Strawberries have been called a superfood for people with diabetes because of their high nutrient content. Strawberry juice can be a good addition to the diet for people with diabetes. They contain a range of nutrients and antioxidants that support overall health and blood sugar management.Due to their low GI, strawberries have relatively minor effects on blood sugar when consumed in moderation. 

A 2019 Study concluded the following: “Overall, from existing evidence, dietary berries, especially taken as fresh or frozen fruit, or as unsweetened juices or purées, may be recommended as part of a healthy dietary strategy for diabetes prevention and management.”

Nutritional Characteristics

  • Sugar per 8-ounce cup: 9 g
  • Glycemic Index: 40
  • Glycemic Load: 6 per 100 g

Hidden Sugar, Glycemic Index, and Glycemic Load

While you may be disciplined in reading the labels of packaged food, it is always a challenge to identify hidden sugars and additives in store bought juices. 

Sugar impacts your blood sugar, even when it's called “natural sugars,” and for those living with diabetes, added sweetness can be life-threatening. 

All sugars are broken down into fructose and glucose, both of which are part of “100% pure juices.”

Glucose provides energy for every cell in the body, while fructose must be metabolized by the liver, where it is turned into triglycerides. Triglycerides are a type of fat that increases insulin resistance, and stimulates the production of more insulin. Additional fructose is often added to juices, but too much over a long period of time can cause complications like fatty liver. 

Many manufacturers hide the actual sugar content in juices behind the following names:

  • High fructose corn syrup
  • Honey
  • Rice Syrup
  • Maltose
  • Sucrose
  • Fructose
  • Molasses
  • Agave nectar
  • Artificial sweeteners like Aspartame, Acesulfame-K, Saccharin, and Sucralose.

Glycemic Index and Glycemic Load

The glycemic index (GI) and glycemic load (GL) reflect the body's responses to different carbohydrate-rich foods. This glycemic concept is particularly relevant for individuals managing conditions like diabetes or those looking to regulate their blood sugar levels.

Glycemic Index: The GI is a rating system for foods containing carbohydrates. It is a measurement that ranks foods on a scale from 0 to 100. Foods with a high GI are rapidly digested and absorbed, resulting in a rapid rise in blood sugar.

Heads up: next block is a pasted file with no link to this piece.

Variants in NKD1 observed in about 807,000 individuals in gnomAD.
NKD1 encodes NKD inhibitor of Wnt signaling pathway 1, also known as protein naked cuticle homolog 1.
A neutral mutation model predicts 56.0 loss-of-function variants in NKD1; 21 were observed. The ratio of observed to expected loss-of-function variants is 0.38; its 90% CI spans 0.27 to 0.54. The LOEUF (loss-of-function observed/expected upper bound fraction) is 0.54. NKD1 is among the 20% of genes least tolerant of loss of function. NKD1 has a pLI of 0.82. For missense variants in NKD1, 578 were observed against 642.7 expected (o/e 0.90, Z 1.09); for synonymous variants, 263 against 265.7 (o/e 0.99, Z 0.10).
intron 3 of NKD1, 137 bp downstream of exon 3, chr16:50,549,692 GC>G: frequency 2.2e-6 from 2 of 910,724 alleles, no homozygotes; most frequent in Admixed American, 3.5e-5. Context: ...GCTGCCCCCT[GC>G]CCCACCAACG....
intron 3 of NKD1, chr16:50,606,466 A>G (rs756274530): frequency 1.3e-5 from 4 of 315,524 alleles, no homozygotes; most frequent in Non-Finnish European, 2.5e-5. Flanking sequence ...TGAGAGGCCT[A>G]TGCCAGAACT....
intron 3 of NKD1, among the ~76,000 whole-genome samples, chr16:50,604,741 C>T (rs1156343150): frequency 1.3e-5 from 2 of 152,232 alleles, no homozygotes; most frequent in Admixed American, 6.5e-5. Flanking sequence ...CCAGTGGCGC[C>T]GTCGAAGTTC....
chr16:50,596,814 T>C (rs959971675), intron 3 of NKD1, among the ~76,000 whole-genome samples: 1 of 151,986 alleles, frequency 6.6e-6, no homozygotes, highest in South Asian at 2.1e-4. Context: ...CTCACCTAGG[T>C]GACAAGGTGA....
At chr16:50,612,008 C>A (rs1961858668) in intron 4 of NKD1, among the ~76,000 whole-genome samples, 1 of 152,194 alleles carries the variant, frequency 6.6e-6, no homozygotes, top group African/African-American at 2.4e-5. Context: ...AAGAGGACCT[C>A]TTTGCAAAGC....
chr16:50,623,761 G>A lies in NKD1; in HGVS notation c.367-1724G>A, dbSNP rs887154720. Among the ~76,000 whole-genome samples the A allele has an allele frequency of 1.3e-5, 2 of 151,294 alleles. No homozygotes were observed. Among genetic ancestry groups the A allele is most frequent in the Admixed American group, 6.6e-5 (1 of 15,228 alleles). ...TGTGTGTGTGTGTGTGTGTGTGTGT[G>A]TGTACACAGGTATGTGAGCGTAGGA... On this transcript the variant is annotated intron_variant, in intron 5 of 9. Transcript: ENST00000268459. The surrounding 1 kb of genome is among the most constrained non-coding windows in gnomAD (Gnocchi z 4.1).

• Low GI: 55 or less
  • Medium GI: 56 to 69
  • High GI: 70 or higher

Glycemic Load: In simple terms, GL is a measure that combines the quality and quantity of carbohydrates in a specific food item, giving a more accurate picture of how it affects blood sugar levels. GL is calculated by multiplying the GI and carbs per serving, and then dividing the result by 100. The higher the GL, the higher the impact on blood sugar. 

  • Low GL: 10 or less
  • Medium GL: 11 to 19
  • High GL: 20 or higher

Unfortunately, few manufacturers include GI and GL counts in the nutritional information on product labels. However, there are several apps available for this.

Look Out for Misleading Label Information

Marketing companies know how to get you to reach for a product without feeling the need to study the labels. The information on the smaller labels at the back of the container often tells a different story than the “catch words” on the front label.

Here are a few examples to look out for if you want to avoid unintentionally buying juices that can harm your blood sugar levels:

  • The words “Diet,” “Low-Sugar,” or “Sugar-Free” on the label usually means that the juice has artificial sweeteners, and even if they don't add calories, they aren't nutritious, and the artificial taste is obvious with each sip. 
  • Avoid any juice product labeled as a cocktail, blend, beverage, or drink, as they frequently contain very little juice and plenty of artificial flavors and colorants.
  • “100% pure juice” tells you very little about the product. For example, if you want pure carrot juice, you want to see “100% Pure Carrot Juice.” If the type of juice is not specified, you’ll probably find the ingredients label shows a small percentage of carrot juice, with concentrates of several other high-sugar 100% pure fruit or vegetable juices comprising the rest.
  • Even if the label says, “No Added Sugar,” check for those we listed above.
  • Furthermore, what if the big letters on the front label said, “50% Less Sugar,” or “50% Less Calories,” to catch your eye? Have you ever wondered: 50% less than what? That is a statement that says absolutely nothing and is used solely for the purpose of getting you to grab it off the store shelf.
  • The most important information for anyone with diabetes is the sugar and carbohydrate content, while dietary fiber in the juice is a bonus. However, make sure you check the serving size those numbers apply to. Whether you’re buying a gallon or an 8-ounce juice box, the ingredients might be listed per 100-gram serving, which is only about 3 ounces.

These are but some tricks of the trade. You’ll likely find many more now that you’re aware of the importance of reading the ingredient and nutrition labels of store bought juices for diabetes.


When living with diabetes, choosing the right juice requires a blend of taste, nutrition, and mindful choices. The seven store-bought juices highlighted in this article exemplify options that cater to the needs of individuals managing diabetes, providing a refreshing beverage without spiking blood sugar levels

Remember, moderation is key, and it's always wise to consult healthcare professionals or dietitians for personalized advice. By drinking these diabetes-friendly juices, you can enjoy the goodness of nature while taking care of your health and well-being.

Cheers to a flavorful journey that supports both your taste preferences and your commitment to diabetes management.